What’s the most costly type of white collar crime? On average, a company is likely to lose more money from a scheme in which the financial statements are falsified or manipulated than from any other type of occupational fraud incident. The costs frequently include more than just the loss of assets — victimized companies also may suffer lost shareholder value, lower employee morale, premature tax liabilities and reputational damage. Let’s take a closer look at what’s at stake when employees “cook the books.”
Low Frequency, High Cost
The Report to the Nations on Occupational Fraud and Abuse published in 2016 by the Association of Certified Fraud Examiners (ACFE) found that less than 10% of the fraud schemes in its survey involved financial statement fraud. However, those cases clocked the greatest financial effect, with a median loss of $975,000. Compare that amount to the median losses for asset misappropriation ($125,000) and corruption ($200,000).
What makes financial statement fraud especially problematic is that the costs can quickly snowball out of control. For example, when an executive fudges the numbers to make a company appear more profitable, the company will likely incur greater liability for taxes or dividends.
Plus, it might be necessary to take on debt to make those payments, leading to higher interest costs. Or an acquisition of a healthy company might be pursued to hide the actual underperformance. In the end, more fraud may be necessary to pay for the original scam.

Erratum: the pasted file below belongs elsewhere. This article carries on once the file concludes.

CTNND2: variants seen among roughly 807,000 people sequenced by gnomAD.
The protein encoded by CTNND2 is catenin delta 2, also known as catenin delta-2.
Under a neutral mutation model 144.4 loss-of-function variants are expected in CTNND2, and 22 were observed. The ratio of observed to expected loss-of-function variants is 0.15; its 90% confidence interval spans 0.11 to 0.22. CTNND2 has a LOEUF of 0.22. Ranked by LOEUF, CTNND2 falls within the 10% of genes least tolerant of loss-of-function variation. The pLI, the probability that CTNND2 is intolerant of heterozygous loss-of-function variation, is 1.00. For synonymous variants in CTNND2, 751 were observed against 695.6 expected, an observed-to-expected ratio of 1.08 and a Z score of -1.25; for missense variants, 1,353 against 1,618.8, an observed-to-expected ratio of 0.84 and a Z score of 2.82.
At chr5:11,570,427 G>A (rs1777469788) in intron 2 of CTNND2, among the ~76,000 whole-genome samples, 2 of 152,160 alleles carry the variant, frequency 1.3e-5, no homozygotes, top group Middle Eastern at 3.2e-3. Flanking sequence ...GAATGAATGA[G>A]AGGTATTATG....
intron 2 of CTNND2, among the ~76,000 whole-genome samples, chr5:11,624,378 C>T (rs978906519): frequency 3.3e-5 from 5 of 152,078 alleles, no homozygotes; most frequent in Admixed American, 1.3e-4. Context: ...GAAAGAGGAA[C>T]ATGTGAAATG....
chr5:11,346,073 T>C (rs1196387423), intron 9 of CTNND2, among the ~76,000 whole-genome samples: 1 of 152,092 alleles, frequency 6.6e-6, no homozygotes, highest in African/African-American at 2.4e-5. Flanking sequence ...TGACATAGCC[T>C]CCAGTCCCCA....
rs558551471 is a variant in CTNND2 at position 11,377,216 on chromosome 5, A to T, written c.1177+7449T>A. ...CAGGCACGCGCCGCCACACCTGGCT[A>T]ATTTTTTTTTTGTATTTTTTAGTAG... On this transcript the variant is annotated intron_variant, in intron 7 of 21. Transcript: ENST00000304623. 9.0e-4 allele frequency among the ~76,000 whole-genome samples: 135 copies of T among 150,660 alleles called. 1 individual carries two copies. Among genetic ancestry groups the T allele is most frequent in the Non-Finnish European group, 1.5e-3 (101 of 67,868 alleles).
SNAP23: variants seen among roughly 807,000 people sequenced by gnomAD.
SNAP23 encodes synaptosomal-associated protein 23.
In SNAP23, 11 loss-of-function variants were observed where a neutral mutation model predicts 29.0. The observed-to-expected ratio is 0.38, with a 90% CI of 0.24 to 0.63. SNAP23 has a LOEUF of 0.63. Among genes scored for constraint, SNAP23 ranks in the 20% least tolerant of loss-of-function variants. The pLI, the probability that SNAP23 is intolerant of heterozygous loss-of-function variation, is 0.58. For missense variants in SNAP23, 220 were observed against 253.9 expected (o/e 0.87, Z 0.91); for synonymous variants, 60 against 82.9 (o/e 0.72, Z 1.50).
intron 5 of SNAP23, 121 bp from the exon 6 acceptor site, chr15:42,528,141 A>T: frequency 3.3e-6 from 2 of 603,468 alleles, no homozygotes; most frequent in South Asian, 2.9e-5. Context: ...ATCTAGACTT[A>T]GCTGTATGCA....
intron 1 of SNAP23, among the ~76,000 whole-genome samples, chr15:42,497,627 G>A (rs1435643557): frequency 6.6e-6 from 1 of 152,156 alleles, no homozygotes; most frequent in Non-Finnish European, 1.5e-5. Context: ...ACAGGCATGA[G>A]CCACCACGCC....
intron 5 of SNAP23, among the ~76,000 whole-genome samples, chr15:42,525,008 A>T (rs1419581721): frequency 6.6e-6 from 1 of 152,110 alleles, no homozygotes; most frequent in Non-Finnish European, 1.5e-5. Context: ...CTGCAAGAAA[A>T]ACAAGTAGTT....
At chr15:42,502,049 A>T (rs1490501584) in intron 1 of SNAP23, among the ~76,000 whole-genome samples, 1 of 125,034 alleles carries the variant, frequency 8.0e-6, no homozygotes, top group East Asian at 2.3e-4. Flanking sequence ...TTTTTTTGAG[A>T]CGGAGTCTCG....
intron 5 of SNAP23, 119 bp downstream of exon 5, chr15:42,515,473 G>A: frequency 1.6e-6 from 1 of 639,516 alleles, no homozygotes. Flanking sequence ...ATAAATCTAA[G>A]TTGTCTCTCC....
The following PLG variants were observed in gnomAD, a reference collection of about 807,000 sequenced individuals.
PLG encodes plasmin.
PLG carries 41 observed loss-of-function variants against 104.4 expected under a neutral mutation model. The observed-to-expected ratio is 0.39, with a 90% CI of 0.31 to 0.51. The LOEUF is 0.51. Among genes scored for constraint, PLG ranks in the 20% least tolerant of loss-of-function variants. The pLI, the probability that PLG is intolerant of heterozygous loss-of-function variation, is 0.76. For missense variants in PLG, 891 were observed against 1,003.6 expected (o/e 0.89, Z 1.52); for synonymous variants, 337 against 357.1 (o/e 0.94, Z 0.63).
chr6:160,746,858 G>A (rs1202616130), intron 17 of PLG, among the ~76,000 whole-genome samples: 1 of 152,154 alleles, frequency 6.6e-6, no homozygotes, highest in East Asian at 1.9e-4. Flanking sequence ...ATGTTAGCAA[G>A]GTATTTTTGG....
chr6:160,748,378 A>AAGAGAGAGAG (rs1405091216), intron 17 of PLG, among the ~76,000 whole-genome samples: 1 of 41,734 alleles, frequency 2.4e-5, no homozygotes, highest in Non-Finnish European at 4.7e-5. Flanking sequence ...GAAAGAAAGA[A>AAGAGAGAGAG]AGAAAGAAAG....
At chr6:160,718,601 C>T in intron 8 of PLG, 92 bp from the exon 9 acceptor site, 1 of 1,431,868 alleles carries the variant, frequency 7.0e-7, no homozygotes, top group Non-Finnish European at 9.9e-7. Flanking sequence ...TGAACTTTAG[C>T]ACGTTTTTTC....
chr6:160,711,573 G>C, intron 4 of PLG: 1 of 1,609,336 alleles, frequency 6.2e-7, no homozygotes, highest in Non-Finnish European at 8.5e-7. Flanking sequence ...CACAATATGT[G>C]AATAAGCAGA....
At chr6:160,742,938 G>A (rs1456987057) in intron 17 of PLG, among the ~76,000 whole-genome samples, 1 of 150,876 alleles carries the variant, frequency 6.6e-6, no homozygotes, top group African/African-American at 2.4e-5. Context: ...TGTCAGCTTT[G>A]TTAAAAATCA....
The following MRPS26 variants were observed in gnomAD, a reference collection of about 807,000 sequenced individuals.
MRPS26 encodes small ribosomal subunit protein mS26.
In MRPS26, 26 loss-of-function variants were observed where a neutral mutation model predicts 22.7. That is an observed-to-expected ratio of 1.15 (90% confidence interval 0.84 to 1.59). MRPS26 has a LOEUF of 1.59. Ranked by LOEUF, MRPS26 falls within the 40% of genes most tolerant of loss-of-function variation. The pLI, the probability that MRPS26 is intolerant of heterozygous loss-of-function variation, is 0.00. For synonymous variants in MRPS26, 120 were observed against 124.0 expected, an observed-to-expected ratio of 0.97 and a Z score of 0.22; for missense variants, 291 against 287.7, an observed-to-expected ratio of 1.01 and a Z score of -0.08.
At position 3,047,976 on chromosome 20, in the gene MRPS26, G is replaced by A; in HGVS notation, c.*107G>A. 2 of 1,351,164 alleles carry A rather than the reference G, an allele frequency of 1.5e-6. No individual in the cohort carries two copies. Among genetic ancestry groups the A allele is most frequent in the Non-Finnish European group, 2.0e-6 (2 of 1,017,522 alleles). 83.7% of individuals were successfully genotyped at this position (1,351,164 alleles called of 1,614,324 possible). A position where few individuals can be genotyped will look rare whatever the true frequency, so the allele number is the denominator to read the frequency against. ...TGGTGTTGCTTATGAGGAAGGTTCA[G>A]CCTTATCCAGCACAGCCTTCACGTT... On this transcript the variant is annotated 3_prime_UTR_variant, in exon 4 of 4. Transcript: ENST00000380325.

The ACFE defines financial statement fraud as “a scheme in which an employee intentionally causes a misstatement or omission of material information in the organization’s financial reports.” Common ploys include:
- Concealed liabilities,
- Fictitious revenues,
- Inflated asset valuations,
- Misleading disclosures, and
- Timing differences.
Revenue recognition is a particularly ripe area for financial statement fraud, especially as companies start to implement the new revenue recognition guidance for long-term contracts. Early revenue recognition can be accomplished through several avenues, including 1) keeping books open past the end of the accounting period, 2) delivering products early, 3) recording revenue before full performance of a contract, and 4) backdating sales agreements.
Victims of financial statement fraud often find their long-term survival severely threatened in a relatively short period of time. Hiring an outside forensic accounting specialist to evaluate internal controls can help identify red flags, ferret out ongoing schemes and deter would-be fraudsters. Also, an awareness of the actual reasons and methods for manipulating financial statements would likely be important. Contact Mike Rosten, CPA, CFE for more information on how to evaluate your internal controls to help prevent employee fraud.